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Social Contracts Under Stress

Social Contracts Under Stress: The Middle Classes of America, Europe, and Japan at the Turn of the Century

Olivier Zunz
Leonard Schoppa
Nobuhiro Hiwatari
Copyright Date: 2002
Published by: Russell Sage Foundation
Pages: 444
https://www.jstor.org/stable/10.7758/9781610445726
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  • Book Info
    Social Contracts Under Stress
    Book Description:

    The years following World War II saw a huge expansion of the middle classes in the world's industrialized nations, with a significant part of the working class becoming absorbed into the middle class. Although never explicitly formalized, it was as though a new social contract called for government, business, and labor to work together to ensure greater political freedom and more broadly shared economic prosperity. For the most part, they succeeded. InSocial Contracts Under Stress, eighteen experts from seven countries examine this historic transformation and look ahead to assess how the middle class might fare in the face of slowing economic growth and increasing globalization.

    The first section of the book focuses on the differing experiences of Germany, Britain, France, the United States, and Japan as they became middle-class societies. The British working classes, for example, were slowest to consider themselves middle class, while in Japan by the 1960s, most workers had abandoned working-class identity. The French remain more fragmented among various middle classes and resist one homogenous entity. Part II presents compelling evidence that the rise of a huge middle class was far from inclusive or free of social friction. Some contributors discuss how the social contract reinforced long-standing prejudices toward minorities and women. In the United States, Ira Katznelson writes, Southern politicians used measures that should have promoted equality, such as the GI bill, to exclude blacks from full access to opportunity. In her review of gender and family models, Chiara Saraceno finds that Mediterranean countries have mobilized the power of the state to maintain a division of labor between men and women. The final section examines what effect globalization might have on the middle class. Leonard Schoppa's careful analysis of the relevant data shows how globalization has pushed "less skilled workers down and more skilled workers up out of a middle class that had for a few decades been home to both." Although Europe has resisted the rise of inequality more effectively than the United States or Japan, several contributors wonder how long that resistance can last.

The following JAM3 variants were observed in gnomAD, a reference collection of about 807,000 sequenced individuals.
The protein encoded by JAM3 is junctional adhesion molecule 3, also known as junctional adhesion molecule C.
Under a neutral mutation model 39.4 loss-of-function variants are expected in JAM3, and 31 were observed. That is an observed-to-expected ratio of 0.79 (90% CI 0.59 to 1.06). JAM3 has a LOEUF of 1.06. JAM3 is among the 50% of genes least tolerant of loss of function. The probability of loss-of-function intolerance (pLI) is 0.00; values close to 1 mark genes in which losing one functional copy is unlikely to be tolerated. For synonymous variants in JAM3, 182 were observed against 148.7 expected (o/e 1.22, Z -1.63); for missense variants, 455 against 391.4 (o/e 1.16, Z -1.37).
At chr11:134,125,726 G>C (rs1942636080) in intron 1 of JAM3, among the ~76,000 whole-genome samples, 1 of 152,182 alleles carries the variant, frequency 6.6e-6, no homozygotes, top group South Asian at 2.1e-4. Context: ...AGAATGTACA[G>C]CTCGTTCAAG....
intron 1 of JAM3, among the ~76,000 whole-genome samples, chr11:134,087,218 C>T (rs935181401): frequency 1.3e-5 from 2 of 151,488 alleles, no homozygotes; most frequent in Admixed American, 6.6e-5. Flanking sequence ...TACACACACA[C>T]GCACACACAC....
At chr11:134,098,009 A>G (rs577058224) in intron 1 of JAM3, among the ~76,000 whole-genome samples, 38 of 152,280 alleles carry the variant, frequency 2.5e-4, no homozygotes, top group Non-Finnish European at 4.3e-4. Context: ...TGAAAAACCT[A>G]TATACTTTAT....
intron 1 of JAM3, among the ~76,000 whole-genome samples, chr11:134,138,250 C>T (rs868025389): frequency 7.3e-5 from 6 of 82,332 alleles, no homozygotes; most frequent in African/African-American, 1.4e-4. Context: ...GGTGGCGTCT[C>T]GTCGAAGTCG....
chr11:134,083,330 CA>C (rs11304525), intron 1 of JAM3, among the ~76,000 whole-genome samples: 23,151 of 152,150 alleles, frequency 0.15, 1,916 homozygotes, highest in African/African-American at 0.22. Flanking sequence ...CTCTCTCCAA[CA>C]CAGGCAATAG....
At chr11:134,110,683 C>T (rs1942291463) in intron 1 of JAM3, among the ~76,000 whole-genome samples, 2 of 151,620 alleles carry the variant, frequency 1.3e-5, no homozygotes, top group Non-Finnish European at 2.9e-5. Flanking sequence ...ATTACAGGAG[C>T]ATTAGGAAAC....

Social Contracts Under Stressargues convincingly that keeping the middle class open and inclusive in the face of current economic pressures will require a collective will extending across countries. This book provides an invaluable guide for assessing the issues that must be considered in such an effort.

    eISBN: 978-1-61044-572-6
    Subjects: Political Science, Sociology

Table of Contents

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  1. Front Matter
    (pp. i-vi)
  2. Table of Contents
    (pp. vii-viii)
  3. Contributors
    (pp. ix-x)
  4. Acknowledgments
    (pp. xi-xii)
    Olivier Zunz
  5. Introduction: Social Contracts Under Stress
    (pp. 1-18)
    Olivier Zunz

    When the British philosopher R. G. Collingwood set out in the midst of World War II to define a postwar “social contract” of “free participation in a joint enterprise,” he stressed first his cherished ideas of political consent. Calling his 1942 bookThe New Leviathan,he juxtaposed Hobbes’s consciousness of freedom against the imminent threat of German “barbarism.” Collingwood’s purpose was to reinvigorate the ideas of popular sovereignty and freedom inherited from the Enlightenment and combine them with the more recent commitments to social welfare and the reduction of inequality. After reestablishing a postwar order based on political consent, one...

  6. Part I NATIONAL PATHS TO MIDDLE-CLASS FORMATION

    • 1 From Divergence to Convergence: The Divided German Middle Class, 1945 to 2000
      (pp. 21-46)
      Hannes Siegrist